### GCSE Maths

Numbers
Algebra
Geometry and Measures
Probability
Statistics

# Direct Proportion

Direct proportion is a mathematical concept that describes the relationship between two variables when they increase or decrease at the same rate. In other words, when one variable increases, the other variable also increases, and vice versa.

Direct proportions are when two values increase or decrease together by the same factor. For example, there is a direct proportion between centimetres (cm) and metres (m), as 100 cm equals 1 m, so the multiplier is always 100.

The proportionality symbol is:

• It is used to indicate that one expression changes in proportion to another

We can use it to represent a directly proportional relationship. For example, if is directly proportional to p, we can write .

## Constant of Proportionality (k)

In a directly proportional relationship, there is a constant of proportionality, denoted as . This constant represents the ratio between the two variables, expressed as .

The constant can be calculated from the information provided about x and y. If y is directly proportional to x, we write y ∝ x, which is equal to . If t is directly proportionate to , then this means that , where is a natural number showing that is a multiple of .

## Solving Direct Proportion Problems

To solve direct proportion problems, follow these four steps:

Step 1: Find the proportional relationship between the variables: Identify the variables that are directly proportional and write the relationship using the proportionality symbol (∝).

Step 2: Form an equation with the constant of proportionality: Replace the proportionality symbol with an equal sign and include the constant of proportionality (k) in the equation, e.g., .

Step 3: Use the information provided to find the constant of proportionality: Using the values provided for x and y, calculate the constant of proportionality (k) by dividing one variable by the other, e.g., .

Step 4: Substitute the constant of proportionality into the equation: Once you have calculated the constant of proportionality ( ), substitute it back into the equation to find the unknown values.

Let’s look at an example:

If and when , find the value of when .

First, write the proportion relationship: .

Convert to an equation using the constant of proportionality: .

Use the given information to find the constant of proportionality:   Substitute the constant of proportionality into the equation: .

## Direct Proportion in Graphs

Direct proportion graphs have specific characteristics. They are straight lines that pass through the origin (0,0) and have a constant slope equal to the constant of proportionality, .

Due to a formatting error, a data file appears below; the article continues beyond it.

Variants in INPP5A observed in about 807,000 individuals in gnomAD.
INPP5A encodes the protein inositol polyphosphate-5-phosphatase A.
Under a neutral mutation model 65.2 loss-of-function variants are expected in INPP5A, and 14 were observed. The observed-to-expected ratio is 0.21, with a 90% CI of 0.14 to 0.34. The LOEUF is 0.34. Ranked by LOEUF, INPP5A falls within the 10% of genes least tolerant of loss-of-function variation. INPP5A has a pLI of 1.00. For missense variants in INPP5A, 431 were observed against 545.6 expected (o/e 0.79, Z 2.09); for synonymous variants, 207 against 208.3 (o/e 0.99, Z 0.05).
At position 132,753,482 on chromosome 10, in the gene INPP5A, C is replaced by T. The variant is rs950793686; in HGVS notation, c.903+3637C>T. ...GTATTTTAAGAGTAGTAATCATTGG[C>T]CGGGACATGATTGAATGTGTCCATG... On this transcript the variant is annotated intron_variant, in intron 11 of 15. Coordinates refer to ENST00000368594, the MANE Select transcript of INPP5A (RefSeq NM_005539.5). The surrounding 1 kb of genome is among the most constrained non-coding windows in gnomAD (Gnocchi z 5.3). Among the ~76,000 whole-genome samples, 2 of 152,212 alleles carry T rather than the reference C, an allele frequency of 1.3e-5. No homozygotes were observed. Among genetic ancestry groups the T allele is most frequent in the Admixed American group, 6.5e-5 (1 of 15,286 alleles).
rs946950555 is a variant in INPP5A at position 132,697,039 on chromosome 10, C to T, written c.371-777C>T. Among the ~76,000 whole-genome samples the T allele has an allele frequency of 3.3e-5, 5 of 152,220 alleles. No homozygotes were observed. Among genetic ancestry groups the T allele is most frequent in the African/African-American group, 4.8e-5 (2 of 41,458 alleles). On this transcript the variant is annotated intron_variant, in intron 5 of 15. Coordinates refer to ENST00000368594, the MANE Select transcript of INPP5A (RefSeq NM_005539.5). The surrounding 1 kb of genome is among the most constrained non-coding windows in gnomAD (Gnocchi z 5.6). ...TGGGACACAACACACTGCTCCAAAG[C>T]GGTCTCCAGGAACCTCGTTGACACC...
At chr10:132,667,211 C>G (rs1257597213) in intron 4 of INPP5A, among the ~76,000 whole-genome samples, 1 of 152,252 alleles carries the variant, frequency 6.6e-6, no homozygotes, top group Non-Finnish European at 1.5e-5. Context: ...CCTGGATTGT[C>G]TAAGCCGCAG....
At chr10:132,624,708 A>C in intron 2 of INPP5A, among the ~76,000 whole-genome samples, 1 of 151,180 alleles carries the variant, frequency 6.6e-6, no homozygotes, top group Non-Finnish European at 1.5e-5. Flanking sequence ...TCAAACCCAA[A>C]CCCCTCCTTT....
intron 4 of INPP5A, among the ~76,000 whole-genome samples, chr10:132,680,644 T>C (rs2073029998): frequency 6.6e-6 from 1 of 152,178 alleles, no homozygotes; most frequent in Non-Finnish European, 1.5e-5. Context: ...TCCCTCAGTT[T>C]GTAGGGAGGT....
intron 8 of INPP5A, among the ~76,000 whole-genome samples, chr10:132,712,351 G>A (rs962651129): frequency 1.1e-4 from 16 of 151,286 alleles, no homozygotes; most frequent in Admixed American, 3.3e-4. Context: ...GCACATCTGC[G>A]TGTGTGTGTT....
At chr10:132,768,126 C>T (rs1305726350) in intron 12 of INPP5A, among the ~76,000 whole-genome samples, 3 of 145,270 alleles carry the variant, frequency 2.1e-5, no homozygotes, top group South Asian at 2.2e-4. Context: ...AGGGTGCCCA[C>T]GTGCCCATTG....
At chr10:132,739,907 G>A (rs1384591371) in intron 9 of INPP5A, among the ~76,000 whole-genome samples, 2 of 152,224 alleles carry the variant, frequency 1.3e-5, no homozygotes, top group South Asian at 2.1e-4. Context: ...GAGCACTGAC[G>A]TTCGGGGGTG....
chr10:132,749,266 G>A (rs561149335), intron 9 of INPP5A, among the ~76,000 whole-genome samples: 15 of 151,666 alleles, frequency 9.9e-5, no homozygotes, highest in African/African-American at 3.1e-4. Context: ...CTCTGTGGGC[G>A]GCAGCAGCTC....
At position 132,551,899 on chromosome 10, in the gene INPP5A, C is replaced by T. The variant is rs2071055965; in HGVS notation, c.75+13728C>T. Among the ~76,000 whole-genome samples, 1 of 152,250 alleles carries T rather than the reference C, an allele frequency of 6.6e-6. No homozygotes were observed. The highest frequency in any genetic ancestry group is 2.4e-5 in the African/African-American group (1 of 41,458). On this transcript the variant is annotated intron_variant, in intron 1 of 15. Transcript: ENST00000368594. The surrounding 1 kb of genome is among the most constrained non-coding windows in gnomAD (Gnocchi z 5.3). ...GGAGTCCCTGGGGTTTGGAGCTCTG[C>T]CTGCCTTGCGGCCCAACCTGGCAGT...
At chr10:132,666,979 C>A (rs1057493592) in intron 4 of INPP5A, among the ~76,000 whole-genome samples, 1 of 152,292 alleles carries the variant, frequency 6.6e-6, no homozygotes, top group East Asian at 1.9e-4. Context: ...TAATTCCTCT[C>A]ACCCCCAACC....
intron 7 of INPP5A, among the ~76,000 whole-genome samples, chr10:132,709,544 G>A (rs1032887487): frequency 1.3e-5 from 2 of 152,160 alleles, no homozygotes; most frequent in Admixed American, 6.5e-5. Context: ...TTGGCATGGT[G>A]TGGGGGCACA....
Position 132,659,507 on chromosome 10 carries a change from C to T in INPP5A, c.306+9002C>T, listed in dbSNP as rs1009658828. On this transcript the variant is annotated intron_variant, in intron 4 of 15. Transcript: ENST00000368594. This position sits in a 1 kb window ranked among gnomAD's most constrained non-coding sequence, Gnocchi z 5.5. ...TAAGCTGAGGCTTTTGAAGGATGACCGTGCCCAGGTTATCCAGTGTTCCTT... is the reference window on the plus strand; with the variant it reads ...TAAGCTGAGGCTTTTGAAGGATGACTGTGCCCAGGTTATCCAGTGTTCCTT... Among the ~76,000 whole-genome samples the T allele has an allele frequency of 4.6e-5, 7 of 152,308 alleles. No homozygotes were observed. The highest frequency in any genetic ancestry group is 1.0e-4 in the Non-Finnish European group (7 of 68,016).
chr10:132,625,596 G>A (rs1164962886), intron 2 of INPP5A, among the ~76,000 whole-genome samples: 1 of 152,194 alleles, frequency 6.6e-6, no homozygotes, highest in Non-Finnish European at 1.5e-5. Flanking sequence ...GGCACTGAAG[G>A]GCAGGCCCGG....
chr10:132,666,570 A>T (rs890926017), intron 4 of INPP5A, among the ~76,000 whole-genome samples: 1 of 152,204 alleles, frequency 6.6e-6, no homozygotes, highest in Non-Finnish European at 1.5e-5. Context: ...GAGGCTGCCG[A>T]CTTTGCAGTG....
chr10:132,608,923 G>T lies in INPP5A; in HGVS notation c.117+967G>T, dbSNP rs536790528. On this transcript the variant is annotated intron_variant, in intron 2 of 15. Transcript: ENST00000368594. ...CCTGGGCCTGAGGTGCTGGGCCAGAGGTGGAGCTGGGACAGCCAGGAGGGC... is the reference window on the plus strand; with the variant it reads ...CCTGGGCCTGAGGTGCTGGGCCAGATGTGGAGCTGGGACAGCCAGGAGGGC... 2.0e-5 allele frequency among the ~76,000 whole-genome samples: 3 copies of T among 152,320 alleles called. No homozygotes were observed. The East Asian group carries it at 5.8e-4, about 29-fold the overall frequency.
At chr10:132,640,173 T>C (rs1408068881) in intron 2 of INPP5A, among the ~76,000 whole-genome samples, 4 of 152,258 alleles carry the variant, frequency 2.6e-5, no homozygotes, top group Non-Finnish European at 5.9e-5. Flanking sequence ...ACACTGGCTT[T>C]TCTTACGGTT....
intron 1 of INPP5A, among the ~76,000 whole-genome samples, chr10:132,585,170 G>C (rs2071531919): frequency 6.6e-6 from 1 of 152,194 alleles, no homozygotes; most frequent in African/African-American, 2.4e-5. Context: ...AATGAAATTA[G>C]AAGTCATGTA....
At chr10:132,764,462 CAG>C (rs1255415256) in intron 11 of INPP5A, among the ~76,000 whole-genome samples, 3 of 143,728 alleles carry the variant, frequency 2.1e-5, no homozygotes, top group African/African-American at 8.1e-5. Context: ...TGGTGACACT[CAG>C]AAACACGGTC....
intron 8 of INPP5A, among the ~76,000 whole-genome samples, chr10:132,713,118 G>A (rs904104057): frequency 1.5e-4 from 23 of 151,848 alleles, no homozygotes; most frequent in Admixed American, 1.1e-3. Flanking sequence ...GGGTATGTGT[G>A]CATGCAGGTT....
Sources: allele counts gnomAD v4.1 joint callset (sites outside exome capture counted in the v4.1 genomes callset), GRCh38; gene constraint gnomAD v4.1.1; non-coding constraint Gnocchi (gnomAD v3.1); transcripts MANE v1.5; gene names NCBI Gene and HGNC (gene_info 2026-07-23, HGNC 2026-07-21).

• This graph has the equation To plot a direct proportion graph, first calculate the constant of proportionality and create a table of values. Then, plot the points on the graph and draw a straight line through the points and the origin.

Let’s look at an example:

If and when , plot the graph of the direct proportion.

First, calculate the constant of proportionality: .

Create a table of values, such as:

Plot these points on the graph and draw a straight line through the points and the origin (0,0).

## Example

Example 1:

Suppose the cost of apples is directly proportional to the number of apples bought. If 4 apples cost £12, how much would 10 apples cost?

1. Write the proportion relationship: Cost ∝ Number of apples

2. Convert to an equation using a constant of proportionality: Cost Number of apples

3. Use given information to find the constant of proportionality:  4. Substitute the constant of proportionality into the equation: Cost = 3 × Number of apples

5. Calculate the cost for 10 apples: Cost £ 10 apples would cost £30.

Example 2:

Suppose that y varies directly as and when .

Form an equation connecting x and y, then use it to find the value of y when x=5. Also, find the value of x when y=108.

We are given that is directly proportional to the square of , which can be expressed as . To form an equation connecting and , we introduce a constant of proportionality, , resulting in the equation .

To find the value of , we use the given data point: when , .

Substitute the values into the equation:   So, the equation connecting and is .

Now, we can use this equation to find the value of when :   When , .

Next, we’ll find the value of when :     When , can be either or .

Example 3:

The speed of a car is directly proportional to the force applied to its accelerator pedal. If applying a force of 20 N results in a speed of 40 km/h, what would be the speed when a force of 50 N is applied?

1. Write the proportion relationship: Speed ∝ Force

2. Convert to an equation using a constant of proportionality: Speed Force

3. Use given information to find the constant of proportionality:  4. Substitute the constant of proportionality into the equation: Speed Force

5. Calculate the speed for a force of 50 N: Speed 100 km/h

The speed would be 100 km/h when a force of 50 N is applied.